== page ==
Linked by Thom Holwerda on Tue 21st Sep 2010 21:15 UTC, submitted by Gregory Plummer
GNU, GPL, Open Source "So what is the state of the Hurd? Is it vaporware, like Duke Nukem Forever? Fortunately not: the code exists, there is still work going on (for instance as part of Google Summer of Code), and there are even some relatively functional Hurd distributions. Let's look first at the code and the current architecture, and then at the Hurd distributions."
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RE: Outdated article
by BluenoseJake on Tue 21st Sep 2010 23:12 UTC in reply to "Outdated article"
BluenoseJake
Member since:
2005-08-11

This post is pretty much completely wrong.

OSX is based on Nextstep, and they didn't write it from scratch in a very short time, they bought the damn thing and modified it. Before that Apple tried several times to replace the classic Mac OS, please google Pink, Taligent and Rhapsody.

MS has never tried several times to replace the NT kernel, they did however write it from scratch, and in 2001 used it to replace the Win9x line of Windows. Windows 7, Vista, XP and Win2k are all NT. NT is a modern kernel, with modern features, it would be stupid for MS to try and replace it.

Edited 2010-09-21 23:13 UTC

Reply Parent Score: 9

RE[2]: Outdated article
by Radio on Tue 21st Sep 2010 23:59 in reply to "RE: Outdated article"
Radio Member since:
2009-06-20

Yeah, and the NextStep kernel appeared out of thin air?

It was a huge rewrite of Mach mixed with BSD, done by a small team lead by Avadis Tevanian in a couple years. Huge enough to be considered as a "new" kernel.

And the Longhorn kernel was supposed to be a complete rewrite, but they dropped everything and went back to improving NT.

Reply Parent Score: 1

RE[3]: Outdated article
by dvhh on Wed 22nd Sep 2010 00:24 in reply to "RE[2]: Outdated article"
dvhh Member since:
2006-03-20

This is only my opinion, but the NT kernel is a very modern one, the userspace is mostly the problem here.
I would have better faith in the minwin initiative than in a new kernel.

Reply Parent Score: 3

RE[3]: Outdated article
by BluenoseJake on Wed 22nd Sep 2010 02:08 in reply to "RE[2]: Outdated article"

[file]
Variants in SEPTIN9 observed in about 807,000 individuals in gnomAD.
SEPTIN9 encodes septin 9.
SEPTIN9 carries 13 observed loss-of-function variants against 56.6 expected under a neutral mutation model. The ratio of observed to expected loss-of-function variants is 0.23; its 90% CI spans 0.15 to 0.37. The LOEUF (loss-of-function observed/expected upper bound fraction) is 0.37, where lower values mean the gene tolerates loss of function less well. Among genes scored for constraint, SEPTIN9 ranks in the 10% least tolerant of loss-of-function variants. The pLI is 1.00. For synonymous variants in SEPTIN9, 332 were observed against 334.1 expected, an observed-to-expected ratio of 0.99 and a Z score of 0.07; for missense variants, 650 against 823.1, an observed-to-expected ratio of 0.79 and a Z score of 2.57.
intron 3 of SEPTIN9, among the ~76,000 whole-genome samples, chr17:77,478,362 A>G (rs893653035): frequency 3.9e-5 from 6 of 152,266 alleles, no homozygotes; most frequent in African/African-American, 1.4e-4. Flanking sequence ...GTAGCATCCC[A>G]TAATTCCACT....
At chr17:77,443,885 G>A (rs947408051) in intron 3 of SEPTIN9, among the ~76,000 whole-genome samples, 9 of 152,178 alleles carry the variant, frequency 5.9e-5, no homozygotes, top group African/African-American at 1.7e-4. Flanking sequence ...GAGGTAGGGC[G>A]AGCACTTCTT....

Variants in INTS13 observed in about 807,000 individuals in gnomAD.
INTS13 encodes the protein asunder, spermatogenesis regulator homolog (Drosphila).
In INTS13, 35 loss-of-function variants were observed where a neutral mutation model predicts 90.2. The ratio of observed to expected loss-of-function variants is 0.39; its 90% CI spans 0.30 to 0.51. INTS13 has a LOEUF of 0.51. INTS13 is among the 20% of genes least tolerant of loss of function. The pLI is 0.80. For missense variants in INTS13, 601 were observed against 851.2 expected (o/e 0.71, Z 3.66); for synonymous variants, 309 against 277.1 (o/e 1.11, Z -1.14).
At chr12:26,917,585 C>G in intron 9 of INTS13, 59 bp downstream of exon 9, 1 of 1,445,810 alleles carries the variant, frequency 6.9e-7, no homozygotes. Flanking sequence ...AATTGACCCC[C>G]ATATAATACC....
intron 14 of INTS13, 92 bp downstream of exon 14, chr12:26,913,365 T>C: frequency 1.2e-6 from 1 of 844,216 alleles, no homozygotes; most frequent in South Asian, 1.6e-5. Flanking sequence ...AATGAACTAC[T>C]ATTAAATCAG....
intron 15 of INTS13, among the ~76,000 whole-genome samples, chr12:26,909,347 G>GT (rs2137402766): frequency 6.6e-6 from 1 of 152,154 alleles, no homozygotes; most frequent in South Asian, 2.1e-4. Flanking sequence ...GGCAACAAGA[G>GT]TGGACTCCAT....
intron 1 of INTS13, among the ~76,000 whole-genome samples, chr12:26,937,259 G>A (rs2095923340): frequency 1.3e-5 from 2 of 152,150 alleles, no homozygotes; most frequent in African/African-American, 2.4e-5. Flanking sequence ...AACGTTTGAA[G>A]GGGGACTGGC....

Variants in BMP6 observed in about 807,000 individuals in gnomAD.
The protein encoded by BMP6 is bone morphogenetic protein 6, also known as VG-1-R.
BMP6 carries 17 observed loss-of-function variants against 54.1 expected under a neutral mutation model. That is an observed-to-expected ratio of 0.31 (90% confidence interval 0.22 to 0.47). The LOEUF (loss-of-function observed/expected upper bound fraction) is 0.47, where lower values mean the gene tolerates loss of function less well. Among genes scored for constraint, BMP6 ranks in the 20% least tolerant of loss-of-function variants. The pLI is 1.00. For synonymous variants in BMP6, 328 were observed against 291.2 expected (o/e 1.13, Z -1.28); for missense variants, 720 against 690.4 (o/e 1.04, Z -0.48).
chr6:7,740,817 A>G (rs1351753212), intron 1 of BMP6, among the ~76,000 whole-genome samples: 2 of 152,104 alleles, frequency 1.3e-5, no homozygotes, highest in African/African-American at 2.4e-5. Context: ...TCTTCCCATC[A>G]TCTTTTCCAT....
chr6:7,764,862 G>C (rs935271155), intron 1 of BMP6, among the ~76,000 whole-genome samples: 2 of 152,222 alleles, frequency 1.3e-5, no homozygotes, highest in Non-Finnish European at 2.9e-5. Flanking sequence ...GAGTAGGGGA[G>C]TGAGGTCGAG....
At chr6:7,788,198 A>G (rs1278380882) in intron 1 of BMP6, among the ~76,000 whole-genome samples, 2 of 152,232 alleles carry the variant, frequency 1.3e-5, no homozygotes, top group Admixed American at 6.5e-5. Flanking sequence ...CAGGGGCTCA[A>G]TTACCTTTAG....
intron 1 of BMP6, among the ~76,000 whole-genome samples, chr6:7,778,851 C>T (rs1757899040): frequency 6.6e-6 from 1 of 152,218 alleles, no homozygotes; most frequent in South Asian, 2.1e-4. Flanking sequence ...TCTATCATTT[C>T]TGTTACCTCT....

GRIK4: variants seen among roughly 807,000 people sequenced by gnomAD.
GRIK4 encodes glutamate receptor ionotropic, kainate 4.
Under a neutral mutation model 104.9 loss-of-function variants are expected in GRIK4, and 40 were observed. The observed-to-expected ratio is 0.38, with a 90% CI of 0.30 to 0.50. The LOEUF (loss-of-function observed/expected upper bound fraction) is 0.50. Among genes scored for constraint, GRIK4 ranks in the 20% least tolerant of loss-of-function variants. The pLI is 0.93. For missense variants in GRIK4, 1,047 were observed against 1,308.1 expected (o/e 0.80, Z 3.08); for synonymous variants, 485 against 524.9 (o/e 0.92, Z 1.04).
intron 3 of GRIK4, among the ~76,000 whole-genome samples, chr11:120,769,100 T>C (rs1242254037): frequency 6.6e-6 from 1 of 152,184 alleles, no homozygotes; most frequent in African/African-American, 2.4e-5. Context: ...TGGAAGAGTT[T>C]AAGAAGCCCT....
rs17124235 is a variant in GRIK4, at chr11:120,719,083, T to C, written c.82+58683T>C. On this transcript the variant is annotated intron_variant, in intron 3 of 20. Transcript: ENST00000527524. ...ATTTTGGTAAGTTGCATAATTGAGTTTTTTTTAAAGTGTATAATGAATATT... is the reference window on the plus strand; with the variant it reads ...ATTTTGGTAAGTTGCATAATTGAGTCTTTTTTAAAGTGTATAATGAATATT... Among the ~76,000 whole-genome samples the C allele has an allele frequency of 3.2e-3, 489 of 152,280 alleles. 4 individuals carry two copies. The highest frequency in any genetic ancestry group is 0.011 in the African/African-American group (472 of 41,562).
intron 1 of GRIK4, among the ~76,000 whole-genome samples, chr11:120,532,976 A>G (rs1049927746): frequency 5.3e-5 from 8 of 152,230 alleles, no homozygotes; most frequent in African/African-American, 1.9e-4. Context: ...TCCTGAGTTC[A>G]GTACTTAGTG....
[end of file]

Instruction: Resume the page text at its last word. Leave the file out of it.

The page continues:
BluenoseJake Member since:
2005-08-11

It was never supposed to be a complete rewrite. Google 3 pillars of Longhorn.

Also, NextStep was on version 3.3, released in 1995 when Apple bought them. It was first realeased in 89, and Apple bought them in 99. NextStep also ran on mach and BSD. Mach predates even Nextstep, it was written at Carnegie Mellon, and that project went from 1985 to 1994. BSD is based on the original Berkley Software Distribution, which was written at uh..Berkley, and was first released in 1977.

Doesn't sound like quickly, or a small team to me. All this information can be found through google.

Reply Parent Score: 3

RE[3]: Outdated article
by Boomshiki on Wed 22nd Sep 2010 21:53 in reply to "RE[2]: Outdated article"
Boomshiki Member since:
2008-06-11


And the Longhorn kernel was supposed to be a complete rewrite, but they dropped everything and went back to improving NT.


It was supposed to be a rewrite by rumor only. Microsoft's statement on the issue was something along the lines of "we always planned to work off of Vista's kernel, why would we abandon it after so much hard work?"

Reply Parent Score: 1

RE[2]: Outdated article
by Kasi on Wed 22nd Sep 2010 00:25 in reply to "RE: Outdated article"
Kasi Member since:
2008-07-12

Additionally while MS Research has produced a many different kernels none of them have never been considered for implementation on commercial platforms irrespective of how good/interesting they were.

Even the most recent Singularity project which garnered a fair amount of interest was dismissed as only a test bed for incremental changes to the present kernel.

Reply Parent Score: 1

RE[2]: Outdated article
by _xmv on Wed 22nd Sep 2010 09:59 in reply to "RE: Outdated article"